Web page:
There are a some artists that work with glass and other materials to produce stunning objects.

Some more ideas from that link alone =
- Stuffed toy keepsakes
- Tattoo using ashes
- Cremation jewellery
- Pencils !!
- Fireworks
- Launching into space
- Wine !!
- Frisbee
- Made into music!

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A hairdo to die for Empty Re: A hairdo to die for

Post by Candlelight.kk on Thu 25 Oct 2018, 12:17

Brin wrote:Not so weird as you might think.  There are some strange ideas out there, many unusual ways that some people have of turning their deceased loved one's ashes and personal items into unique memorials.

So long as you're not a Catholic though! ....  What a Face

Vatican issues new rules on Catholic cremation (Oct 25, 2016)
judge 'Remains cannot be scattered, divided, or kept at home'
The Vatican published guidelines on Tuesday for Catholics who want to be cremated, saying their remains cannot be scattered, divvied up or kept at home, but should be stored in a sacred, church-approved place.

The new instructions were released just in time for Halloween and "All Souls Day" on Nov. 2, when the faithful are supposed to pray for and remember the dead.

For most of its 2,000-year history, the Catholic Church only permitted burial, arguing it best expressed the Christian hope of resurrection. But in 1963, the Vatican explicitly allowed cremation as long as it didn't suggest a denial of faith about resurrection.

The new document from the Vatican's Congregation for the Doctrine of the Faith repeats that burial remains preferred, with officials calling cremation a "brutal destruction" of the body. But it lays out guidelines for conserving ashes for the increasing number of Catholics who choose cremation for economic, ecological or other reasons.

It said it was doing so to counter what it called "new ideas contrary to the church's faith" that had emerged since 1963, including the new-age concept that death is a "fusion" with Mother Nature and the universe, or the "definitive liberation" from the prison of the body.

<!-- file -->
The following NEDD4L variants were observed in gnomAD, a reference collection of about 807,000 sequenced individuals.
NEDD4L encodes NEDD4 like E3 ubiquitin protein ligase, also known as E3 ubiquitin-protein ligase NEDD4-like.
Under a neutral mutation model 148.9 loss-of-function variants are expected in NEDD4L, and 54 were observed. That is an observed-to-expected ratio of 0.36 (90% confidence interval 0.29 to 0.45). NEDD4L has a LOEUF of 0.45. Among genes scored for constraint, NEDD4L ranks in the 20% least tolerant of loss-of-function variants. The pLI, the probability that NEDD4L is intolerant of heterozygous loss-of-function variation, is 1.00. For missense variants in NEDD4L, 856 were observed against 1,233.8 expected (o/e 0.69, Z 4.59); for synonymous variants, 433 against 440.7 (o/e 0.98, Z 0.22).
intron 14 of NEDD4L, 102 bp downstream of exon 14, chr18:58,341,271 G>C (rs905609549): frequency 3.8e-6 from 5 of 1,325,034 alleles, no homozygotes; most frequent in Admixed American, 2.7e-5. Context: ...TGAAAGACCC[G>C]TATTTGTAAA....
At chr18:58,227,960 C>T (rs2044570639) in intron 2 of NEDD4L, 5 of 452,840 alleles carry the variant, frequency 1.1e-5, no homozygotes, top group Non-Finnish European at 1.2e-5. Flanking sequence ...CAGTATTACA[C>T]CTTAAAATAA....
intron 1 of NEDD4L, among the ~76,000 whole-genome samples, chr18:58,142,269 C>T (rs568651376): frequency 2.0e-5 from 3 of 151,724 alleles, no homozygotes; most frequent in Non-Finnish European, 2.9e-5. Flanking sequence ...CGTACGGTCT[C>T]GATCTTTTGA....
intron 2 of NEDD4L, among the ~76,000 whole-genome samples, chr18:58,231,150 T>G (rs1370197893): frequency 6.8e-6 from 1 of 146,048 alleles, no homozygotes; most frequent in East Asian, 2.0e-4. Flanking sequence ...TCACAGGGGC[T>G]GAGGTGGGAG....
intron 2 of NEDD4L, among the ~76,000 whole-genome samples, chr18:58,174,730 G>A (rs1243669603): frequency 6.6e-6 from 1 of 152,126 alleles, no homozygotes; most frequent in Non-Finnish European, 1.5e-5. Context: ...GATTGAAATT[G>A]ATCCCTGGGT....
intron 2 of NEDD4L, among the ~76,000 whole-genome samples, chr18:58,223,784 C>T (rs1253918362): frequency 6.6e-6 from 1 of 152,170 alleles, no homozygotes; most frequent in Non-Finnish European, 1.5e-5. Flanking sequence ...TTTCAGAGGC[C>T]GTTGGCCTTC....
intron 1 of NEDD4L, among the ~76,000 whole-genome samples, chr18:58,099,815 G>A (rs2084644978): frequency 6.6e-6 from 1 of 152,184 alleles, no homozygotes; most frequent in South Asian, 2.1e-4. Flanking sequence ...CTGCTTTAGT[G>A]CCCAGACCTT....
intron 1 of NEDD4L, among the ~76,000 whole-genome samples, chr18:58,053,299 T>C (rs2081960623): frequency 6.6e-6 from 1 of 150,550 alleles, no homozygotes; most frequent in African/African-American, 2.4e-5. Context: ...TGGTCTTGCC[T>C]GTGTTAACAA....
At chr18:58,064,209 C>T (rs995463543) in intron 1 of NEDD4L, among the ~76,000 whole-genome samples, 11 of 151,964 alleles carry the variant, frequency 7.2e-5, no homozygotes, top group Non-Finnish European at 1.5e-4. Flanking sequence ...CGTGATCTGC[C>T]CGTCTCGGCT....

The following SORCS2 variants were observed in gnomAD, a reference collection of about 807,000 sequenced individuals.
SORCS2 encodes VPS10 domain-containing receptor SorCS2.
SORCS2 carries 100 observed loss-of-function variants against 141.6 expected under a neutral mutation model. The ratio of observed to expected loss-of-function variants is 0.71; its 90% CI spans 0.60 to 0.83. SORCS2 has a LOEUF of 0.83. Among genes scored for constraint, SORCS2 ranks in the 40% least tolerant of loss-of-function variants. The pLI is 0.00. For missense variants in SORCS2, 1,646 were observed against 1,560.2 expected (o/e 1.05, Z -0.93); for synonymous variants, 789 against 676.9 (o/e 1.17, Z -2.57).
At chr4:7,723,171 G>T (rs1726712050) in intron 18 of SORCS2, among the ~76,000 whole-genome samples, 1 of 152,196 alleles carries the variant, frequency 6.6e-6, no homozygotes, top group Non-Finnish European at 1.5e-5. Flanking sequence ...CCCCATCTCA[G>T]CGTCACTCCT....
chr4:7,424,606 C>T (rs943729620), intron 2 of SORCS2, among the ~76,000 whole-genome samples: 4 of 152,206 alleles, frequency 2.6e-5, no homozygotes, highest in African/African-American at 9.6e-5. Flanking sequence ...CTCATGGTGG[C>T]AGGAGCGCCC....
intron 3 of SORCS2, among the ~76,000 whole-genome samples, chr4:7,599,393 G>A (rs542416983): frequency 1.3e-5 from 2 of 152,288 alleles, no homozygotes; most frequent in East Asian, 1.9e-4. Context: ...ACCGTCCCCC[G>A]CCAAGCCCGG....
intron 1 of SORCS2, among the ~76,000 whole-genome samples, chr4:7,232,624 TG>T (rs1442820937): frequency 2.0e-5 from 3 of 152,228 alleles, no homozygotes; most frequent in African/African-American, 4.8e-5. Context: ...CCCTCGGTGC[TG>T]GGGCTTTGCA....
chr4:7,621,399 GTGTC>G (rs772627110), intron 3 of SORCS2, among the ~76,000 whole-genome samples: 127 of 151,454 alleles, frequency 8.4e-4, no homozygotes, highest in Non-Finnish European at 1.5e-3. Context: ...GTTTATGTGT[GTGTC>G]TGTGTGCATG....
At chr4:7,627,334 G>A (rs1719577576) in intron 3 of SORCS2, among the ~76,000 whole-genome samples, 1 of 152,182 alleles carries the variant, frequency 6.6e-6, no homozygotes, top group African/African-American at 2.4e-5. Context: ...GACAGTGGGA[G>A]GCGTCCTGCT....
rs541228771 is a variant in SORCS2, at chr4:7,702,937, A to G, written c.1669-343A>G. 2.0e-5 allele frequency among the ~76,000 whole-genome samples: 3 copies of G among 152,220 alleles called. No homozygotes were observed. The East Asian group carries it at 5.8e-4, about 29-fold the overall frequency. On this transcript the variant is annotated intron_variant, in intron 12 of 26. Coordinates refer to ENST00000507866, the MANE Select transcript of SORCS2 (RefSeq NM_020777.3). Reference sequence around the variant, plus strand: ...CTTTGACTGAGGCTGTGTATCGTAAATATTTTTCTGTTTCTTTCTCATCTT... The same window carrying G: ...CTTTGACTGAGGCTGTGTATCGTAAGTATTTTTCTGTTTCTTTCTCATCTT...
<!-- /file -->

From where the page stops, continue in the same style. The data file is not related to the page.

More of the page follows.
To set the faithful straight, the Vatican said ashes and bone fragments cannot be kept at home, since it would deprive the Christian community as a whole of remembering the dead. Rather, church authorities should designate a sacred place, such as a cemetery or church area, to hold them. Only in extraordinary cases can a bishop allow ashes to be kept at home, it said.

   The dead body isn't the private property of relatives.
   - Cardinal Gerhard Mueller

Vatican officials declined to say what circumstances would qualify, but presumably countries where Catholics are a persecuted minority and where Catholic churches and cemeteries have been ransacked would qualify.

The document said remains cannot be divided among family members or put in lockets or other mementos. Nor can the ashes be scattered in the air, land or sea since doing so would give the appearance of "pantheism, naturalism or nihilism," the guidelines said.

It repeated church teaching that Catholics who choose to be cremated for reasons contrary to the Christian faith must be denied a Christian funeral. The new instruction carries an Aug. 15 date and says Pope Francis approved it March 18. The author of the text, Cardinal Gerhard Mueller, was asked at a Vatican briefing if Francis had any reservations about the text, particularly the refusal to let family members keep remains of their loved ones at home.


Reminds me of something ...
In the small village where I grew up in Ireland there were two cemeteries just outside either end of the village; one large one (Catholic), and the smaller one (Protestant) at the other end. The Protestant graveyard was said to be haunted by the troubled ghost of a Catholic person buried there - having been denied a Catholic burial because they had committed some terrible sin (never did find out what that was supposed to have been).

    Current date/time is Mon 06 Jul 2020, 03:53